Plan switching is more frequent among workers with coverage from small firms compared to workers in larger firms. Among people with coverage from a firm with fewer than 100 workers, 12.3 percent changed health plans for reasons other than a job change, compared to 7.6 percent in firms with 500 or more workers, and 5.6 percent among public-sector workers (see Table 2).
Most of this difference reflects more frequent changes in plan offerings by small businesses, most likely to reduce their insurance costs. Small firms typically have higher insurance costs than larger firms for a variety of reasons, including higher administrative costs, a smaller risk pool and greater vulnerability to premium spikes that occur when workers have serious health problems. Interestingly, plan switching is more frequent in small firms compared to larger firms despite the fact that larger firms and public employers typically offer workers a greater choice of health plans.4
Healthier More Likely to Switch Plans
People with health problems—or who have family members with health problems—are less likely to change plans compared to healthier people. Among people in families in 2010 without an adult with a chronic condition, 9 percent changed plans in the past year, which is double the rate when at least one adult family member has two or more chronic conditions. Similarly, among people in families where all adults are in excellent or good health, 8.4 percent changed health plans, compared to 5 percent of people in families where at least one adult was in fair or poor health.
The higher rate of plan switching among healthier people results primarily from a higher rate of employer-initiated plan changes rather than employee-initiated changes. Many people with health problems—or who have family members with health problems—are not employed. For example, they may be retired with coverage from a former employer—a situation where plan switching is much less frequent. Also, people who are sicker or have sick family members may self-select into larger firms where health benefits tend to be more extensive and stable. Although one might expect people with health problems to initiate plan changes less frequently than healthy people—so as not to risk any change in their provider network—there were no significant differences in employee-initiated changes by prevalence of chronic conditions.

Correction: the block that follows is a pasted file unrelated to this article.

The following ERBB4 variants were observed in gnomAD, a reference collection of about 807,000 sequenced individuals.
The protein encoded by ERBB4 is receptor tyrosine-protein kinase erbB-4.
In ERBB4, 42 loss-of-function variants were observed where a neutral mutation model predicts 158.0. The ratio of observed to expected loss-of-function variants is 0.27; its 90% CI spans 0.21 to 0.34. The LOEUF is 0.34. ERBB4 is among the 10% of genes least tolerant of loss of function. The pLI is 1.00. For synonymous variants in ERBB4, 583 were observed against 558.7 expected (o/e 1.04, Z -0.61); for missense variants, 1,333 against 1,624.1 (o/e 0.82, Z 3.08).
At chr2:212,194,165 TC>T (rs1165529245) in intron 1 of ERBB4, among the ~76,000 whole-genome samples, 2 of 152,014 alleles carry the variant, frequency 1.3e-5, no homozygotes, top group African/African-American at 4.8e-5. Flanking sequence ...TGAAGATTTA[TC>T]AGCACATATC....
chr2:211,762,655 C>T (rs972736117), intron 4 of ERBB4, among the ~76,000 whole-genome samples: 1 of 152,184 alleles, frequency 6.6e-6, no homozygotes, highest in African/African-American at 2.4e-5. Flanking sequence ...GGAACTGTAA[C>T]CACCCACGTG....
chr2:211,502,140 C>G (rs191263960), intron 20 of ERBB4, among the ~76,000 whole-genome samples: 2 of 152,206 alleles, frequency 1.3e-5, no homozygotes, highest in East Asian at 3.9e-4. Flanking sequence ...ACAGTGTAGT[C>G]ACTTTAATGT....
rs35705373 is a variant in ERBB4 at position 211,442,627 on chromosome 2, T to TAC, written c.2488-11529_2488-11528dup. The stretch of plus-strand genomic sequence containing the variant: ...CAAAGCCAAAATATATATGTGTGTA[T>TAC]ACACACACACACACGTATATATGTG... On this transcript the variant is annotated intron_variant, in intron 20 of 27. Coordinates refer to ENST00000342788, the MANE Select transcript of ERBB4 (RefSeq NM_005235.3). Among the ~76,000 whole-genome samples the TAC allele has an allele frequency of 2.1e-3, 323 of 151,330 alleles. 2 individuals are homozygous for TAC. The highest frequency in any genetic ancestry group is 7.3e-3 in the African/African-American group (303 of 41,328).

Consumer Choice and Plan Switching
The low rate of employee-initiated plan changes (2.3%) is perhaps not surprising given that there is often little or no choice of plans offered by employers, along with a high time investment to switch plans because of a lack of easily accessible information on how plans compare in terms of benefits, quality of services and out-of-pocket costs. However, it is unclear how much plan switching would occur if people with employer coverage had more plan options and easily accessible and understandable information to help them choose a plan.
Many observers consider the Federal Employee Health Benefits Program (FEHBP) to be a model for a competitive market for group health insurance in that it provides workers with a wide variety of plan choices at reasonable cost, as well as a number of tools and publications specifically designed to help workers compare their plan choices in terms of costs, benefits and satisfaction. One study found that about 12 percent of FEHBP enrollees switched plans in a single year (2000-01), which is much higher than the rate of employee-initiated plan changes shown in this study, including the rate for public-sector workers.5
One possible reason for this much higher rate of plan switching within FEHBP is that not only are there more plan offerings in general, but there tends to be multiple offerings within plan types—for example, multiple preferred provider organizations (PPOs) and health maintenance organizations (HMOs). In fact, three-fourths of FEHBP plan switchers stayed with the same plan type—for example, those with PPOs switched to a different PPO plan rather than switching to an HMO plan. Switching from one plan type to another was much less frequent in the FEHBP. By contrast, even when workers in the private sector have a choice of plans, they are less likely to be offered multiple options within a plan type compared to federal workers. Instead, workers often are offered different plan types from a single carrier. Therefore, the much lower rate of employee-initiated plan changes shown in this study may reflect in part much greater reluctance among workers to change plan type even when they have a choice because it could involve a change in their choice of providers or the way their care is delivered.